Huntington's Disease

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Huntington’s disease or HD is a rare, degenerative brain disorder. The disease causes brain cells to die including those that control movement. HD symptoms worsen as the disease progresses. These symptoms can cause uncontrolled body movements known as chorea. HD is also responsible for behavioral changes and cognitive problems. Victims will also experience slurred speech, impaired coordination, and difficulties swallowing and feeding. According to the Huntington’s Disease Society of America, about 41,000 people in the U.S. live with HD. More than 200,000 others have an increased risk of inheriting the disease. Symptoms usually begin in adult years between the ages of 30 and 50. They can however begin early on in life, a condition known as juvenile HD. Symptoms worsen as the disease progresses. Huntington’s disease has no cure. Medication and treatment options available help manage the symptoms. 

Types of Huntington’s Disease

Huntington’s disease falls into two main categories depending on when symptoms appear. 

Adult-Onset Huntington’s Disease

It is the most common and usually begins when someone is in their 30s and 50s. In the early stages, the disease will cause symptoms like small involuntary movements, depression, irritability, poor coordination, hearing, and learning problems. Most people with adult-onset HD develop twitching and jerking movements referred to as chorea. As the disease continues to progress, the movements are more pronounced. When that happens, the person will have trouble speaking, walking, and even swallowing food. The person will also experience personality changes and reasoning and thinking abilities decline. The life expectancy is usually about 15 to 20 years once symptoms begin.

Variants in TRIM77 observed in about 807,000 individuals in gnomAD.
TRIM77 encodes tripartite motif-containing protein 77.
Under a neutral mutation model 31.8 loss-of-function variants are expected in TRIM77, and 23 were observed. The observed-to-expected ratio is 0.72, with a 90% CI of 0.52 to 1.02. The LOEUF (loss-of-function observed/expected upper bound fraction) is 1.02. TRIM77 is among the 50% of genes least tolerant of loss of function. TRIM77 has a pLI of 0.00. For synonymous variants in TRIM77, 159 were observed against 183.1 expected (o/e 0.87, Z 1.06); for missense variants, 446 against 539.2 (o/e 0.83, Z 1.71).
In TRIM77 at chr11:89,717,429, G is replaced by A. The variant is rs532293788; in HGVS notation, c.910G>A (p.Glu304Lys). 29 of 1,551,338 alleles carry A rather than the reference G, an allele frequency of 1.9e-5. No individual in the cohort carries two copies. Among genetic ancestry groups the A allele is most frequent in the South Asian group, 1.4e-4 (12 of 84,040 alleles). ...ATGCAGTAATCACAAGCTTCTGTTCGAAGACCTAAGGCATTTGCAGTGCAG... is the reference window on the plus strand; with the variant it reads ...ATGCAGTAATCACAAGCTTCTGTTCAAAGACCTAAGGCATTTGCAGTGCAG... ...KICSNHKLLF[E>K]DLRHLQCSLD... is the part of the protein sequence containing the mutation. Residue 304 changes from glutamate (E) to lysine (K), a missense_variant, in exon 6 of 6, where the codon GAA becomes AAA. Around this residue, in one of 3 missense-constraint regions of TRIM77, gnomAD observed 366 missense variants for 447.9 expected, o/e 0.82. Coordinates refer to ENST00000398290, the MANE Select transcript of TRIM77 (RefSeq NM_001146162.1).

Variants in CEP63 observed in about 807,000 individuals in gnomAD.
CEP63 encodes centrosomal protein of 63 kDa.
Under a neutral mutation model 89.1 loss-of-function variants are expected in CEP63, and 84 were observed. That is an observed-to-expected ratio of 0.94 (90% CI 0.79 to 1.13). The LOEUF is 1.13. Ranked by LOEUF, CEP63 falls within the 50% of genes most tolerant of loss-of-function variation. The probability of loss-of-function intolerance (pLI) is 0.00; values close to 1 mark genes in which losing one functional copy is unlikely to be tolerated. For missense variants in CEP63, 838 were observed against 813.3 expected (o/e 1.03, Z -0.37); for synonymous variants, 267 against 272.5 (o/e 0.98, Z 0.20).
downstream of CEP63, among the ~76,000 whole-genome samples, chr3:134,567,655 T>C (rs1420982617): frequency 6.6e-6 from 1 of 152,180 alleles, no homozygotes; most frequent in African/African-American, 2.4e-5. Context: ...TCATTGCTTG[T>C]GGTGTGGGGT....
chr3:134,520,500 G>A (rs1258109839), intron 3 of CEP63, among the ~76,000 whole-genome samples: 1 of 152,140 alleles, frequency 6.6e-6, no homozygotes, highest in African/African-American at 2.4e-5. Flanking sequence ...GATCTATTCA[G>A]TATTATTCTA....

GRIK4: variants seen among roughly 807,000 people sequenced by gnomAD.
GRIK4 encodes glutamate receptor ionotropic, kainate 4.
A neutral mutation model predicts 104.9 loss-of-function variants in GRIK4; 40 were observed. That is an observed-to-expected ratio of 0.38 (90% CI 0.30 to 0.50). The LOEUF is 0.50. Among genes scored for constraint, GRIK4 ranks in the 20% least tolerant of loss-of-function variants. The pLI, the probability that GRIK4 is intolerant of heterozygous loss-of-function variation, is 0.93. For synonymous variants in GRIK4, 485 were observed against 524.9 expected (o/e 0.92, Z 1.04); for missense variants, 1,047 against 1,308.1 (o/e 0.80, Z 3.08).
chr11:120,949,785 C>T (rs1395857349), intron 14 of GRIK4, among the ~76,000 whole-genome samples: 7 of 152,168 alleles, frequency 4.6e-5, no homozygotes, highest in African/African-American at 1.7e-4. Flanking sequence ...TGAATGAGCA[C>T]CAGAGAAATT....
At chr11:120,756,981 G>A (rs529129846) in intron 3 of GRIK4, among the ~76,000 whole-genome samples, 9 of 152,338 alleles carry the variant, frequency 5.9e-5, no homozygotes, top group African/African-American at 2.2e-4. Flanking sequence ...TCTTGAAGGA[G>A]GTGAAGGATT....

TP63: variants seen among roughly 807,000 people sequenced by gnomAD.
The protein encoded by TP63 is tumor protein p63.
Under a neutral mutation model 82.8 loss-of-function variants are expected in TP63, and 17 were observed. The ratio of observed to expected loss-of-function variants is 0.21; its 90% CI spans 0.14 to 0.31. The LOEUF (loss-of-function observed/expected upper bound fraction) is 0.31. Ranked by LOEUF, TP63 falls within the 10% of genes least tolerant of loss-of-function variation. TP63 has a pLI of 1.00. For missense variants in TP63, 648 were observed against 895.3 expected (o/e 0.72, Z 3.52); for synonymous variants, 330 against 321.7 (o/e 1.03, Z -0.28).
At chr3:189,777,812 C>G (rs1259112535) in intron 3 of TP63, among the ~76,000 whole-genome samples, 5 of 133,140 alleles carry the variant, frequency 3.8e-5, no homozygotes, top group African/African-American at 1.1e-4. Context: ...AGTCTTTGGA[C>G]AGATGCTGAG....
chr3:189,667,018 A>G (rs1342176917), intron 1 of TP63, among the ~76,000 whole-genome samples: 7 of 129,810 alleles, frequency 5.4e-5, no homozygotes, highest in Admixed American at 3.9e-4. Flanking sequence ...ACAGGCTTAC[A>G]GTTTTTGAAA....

Juvenile Huntington’s Disease

Juvenile HD occurs in children and adolescents. The child will experience involuntary movements and emotional and mental changes. Other signs of juvenile Huntington’s disease are clumsiness and frequent falls. The child will also drool a lot, have slowed movements, slurred speech, and rigidity. Their school performance will also decline because of declining reasoning and thinking abilities. 30 to 50% of children diagnosed with juvenile HD will also experience seizures. The disease progresses faster than adult-onset HD. As such, children diagnosed with juvenile HD have 10 to 15 years to live. 

Symptoms of Huntington’s Disease

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Huntington’s disease cause changes in movement. It also leads to psychiatric and cognitive disorders. The symptoms that appear first vary from one individual to another. Some symptoms can also be more prominent than others. Common symptoms include;

  • Involuntary twitching and jerking movements referred to as chorea
  • Muscle rigidity and contracture or dystonia
  • Abnormally slow eye movement
  • Poor balance, posture, and gait
  • Swallowing and speech difficulties
  • Difficulties focusing, organizing, and prioritizing tasks 
  • Tendency to remain stuck on an action, behavior, or thought
  • Loss of impulse control leads to outbursts and risky actions like sexual promiscuity
  • Slowness processing thoughts 
  • Learning difficulties where one has problems comprehending new information
  • Depression
  • Irritability
  • Insomnia
  • Fatigue and lack of energy to perform tasks
  • Suicidal ideations

Diagnosis of Huntington’s Disease

To diagnose HD, the doctor will go through your medical and family history. They will also ask about symptoms like emotional changes. If the doctor suspects Huntington’s disease, they will request a neurologist’s counsel. Imaging tests like CT and MRI scans help rule out brain disorders. Genetic testing also helps diagnose Huntington’s disease. A person with a family history of Huntington’s disease will need genetic testing. Genetic testing helps determine if you carry that specific gene mutation. Asymptomatic people also go for genetic testing to determine if they are likely to develop the disease. Since symptoms of HD usually begin when someone is in their 30s and 50s, going for genetic testing is vital.